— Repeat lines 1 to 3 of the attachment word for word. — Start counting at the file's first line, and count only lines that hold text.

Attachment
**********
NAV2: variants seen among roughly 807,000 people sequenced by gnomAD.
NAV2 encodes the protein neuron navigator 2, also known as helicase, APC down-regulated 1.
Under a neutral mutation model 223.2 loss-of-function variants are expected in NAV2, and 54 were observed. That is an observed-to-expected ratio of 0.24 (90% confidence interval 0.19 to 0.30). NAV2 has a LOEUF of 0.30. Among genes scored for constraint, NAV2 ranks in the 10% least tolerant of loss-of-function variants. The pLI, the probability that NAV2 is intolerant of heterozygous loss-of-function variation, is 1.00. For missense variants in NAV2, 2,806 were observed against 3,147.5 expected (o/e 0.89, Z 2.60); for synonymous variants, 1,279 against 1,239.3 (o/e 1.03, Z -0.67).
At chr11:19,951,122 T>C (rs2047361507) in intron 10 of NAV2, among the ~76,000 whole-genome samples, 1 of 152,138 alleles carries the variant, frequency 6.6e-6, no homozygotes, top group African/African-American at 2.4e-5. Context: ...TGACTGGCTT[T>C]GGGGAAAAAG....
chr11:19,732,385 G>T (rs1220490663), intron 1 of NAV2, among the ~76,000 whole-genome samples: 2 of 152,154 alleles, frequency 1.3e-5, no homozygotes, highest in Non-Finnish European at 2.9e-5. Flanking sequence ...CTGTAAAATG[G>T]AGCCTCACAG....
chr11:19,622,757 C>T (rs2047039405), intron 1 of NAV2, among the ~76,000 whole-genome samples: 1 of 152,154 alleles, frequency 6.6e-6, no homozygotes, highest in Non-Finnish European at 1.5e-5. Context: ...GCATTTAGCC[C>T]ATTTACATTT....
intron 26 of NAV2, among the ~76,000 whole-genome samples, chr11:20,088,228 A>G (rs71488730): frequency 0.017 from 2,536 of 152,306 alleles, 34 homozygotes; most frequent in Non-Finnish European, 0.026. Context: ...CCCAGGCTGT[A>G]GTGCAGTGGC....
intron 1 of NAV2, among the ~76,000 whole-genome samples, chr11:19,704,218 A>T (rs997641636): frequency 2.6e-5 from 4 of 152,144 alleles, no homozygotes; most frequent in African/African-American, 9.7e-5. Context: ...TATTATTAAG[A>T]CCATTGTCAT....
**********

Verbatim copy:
NAV2: variants seen among roughly 807,000 people sequenced by gnomAD.
NAV2 encodes the protein neuron navigator 2, also known as helicase, APC down-regulated 1.
Under a neutral mutation model 223.2 loss-of-function variants are expected in NAV2, and 54 were observed. That is an observed-to-expected ratio of 0.24 (90% confidence interval 0.19 to 0.30). NAV2 has a LOEUF of 0.30. Among genes scored for constraint, NAV2 ranks in the 10% least tolerant of loss-of-function variants. The pLI, the probability that NAV2 is intolerant of heterozygous loss-of-function variation, is 1.00. For missense variants in NAV2, 2,806 were observed against 3,147.5 expected (o/e 0.89, Z 2.60); for synonymous variants, 1,279 against 1,239.3 (o/e 1.03, Z -0.67).